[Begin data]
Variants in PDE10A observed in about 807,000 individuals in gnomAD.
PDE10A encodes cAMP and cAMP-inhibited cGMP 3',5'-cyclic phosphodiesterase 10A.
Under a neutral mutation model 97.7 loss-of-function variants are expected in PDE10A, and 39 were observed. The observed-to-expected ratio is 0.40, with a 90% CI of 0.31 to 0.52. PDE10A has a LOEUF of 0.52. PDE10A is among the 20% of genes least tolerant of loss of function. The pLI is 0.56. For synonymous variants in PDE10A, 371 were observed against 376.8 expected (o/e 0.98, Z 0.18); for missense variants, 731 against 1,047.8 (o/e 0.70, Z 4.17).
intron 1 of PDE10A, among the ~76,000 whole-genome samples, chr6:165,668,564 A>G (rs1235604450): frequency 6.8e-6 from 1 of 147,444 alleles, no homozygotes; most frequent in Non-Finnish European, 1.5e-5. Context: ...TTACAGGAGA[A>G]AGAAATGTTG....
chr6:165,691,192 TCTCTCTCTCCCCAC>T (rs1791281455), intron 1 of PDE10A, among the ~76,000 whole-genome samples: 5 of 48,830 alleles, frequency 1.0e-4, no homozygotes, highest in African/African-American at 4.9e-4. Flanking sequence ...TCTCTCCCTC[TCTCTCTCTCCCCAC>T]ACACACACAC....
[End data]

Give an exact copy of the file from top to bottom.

Variants in PDE10A observed in about 807,000 individuals in gnomAD.
PDE10A encodes cAMP and cAMP-inhibited cGMP 3',5'-cyclic phosphodiesterase 10A.
Under a neutral mutation model 97.7 loss-of-function variants are expected in PDE10A, and 39 were observed. The observed-to-expected ratio is 0.40, with a 90% CI of 0.31 to 0.52. PDE10A has a LOEUF of 0.52. PDE10A is among the 20% of genes least tolerant of loss of function. The pLI is 0.56. For synonymous variants in PDE10A, 371 were observed against 376.8 expected (o/e 0.98, Z 0.18); for missense variants, 731 against 1,047.8 (o/e 0.70, Z 4.17).
intron 1 of PDE10A, among the ~76,000 whole-genome samples, chr6:165,668,564 A>G (rs1235604450): frequency 6.8e-6 from 1 of 147,444 alleles, no homozygotes; most frequent in Non-Finnish European, 1.5e-5. Context: ...TTACAGGAGA[A>G]AGAAATGTTG....
chr6:165,691,192 TCTCTCTCTCCCCAC>T (rs1791281455), intron 1 of PDE10A, among the ~76,000 whole-genome samples: 5 of 48,830 alleles, frequency 1.0e-4, no homozygotes, highest in African/African-American at 4.9e-4. Flanking sequence ...TCTCTCCCTC[TCTCTCTCTCCCCAC>T]ACACACACAC....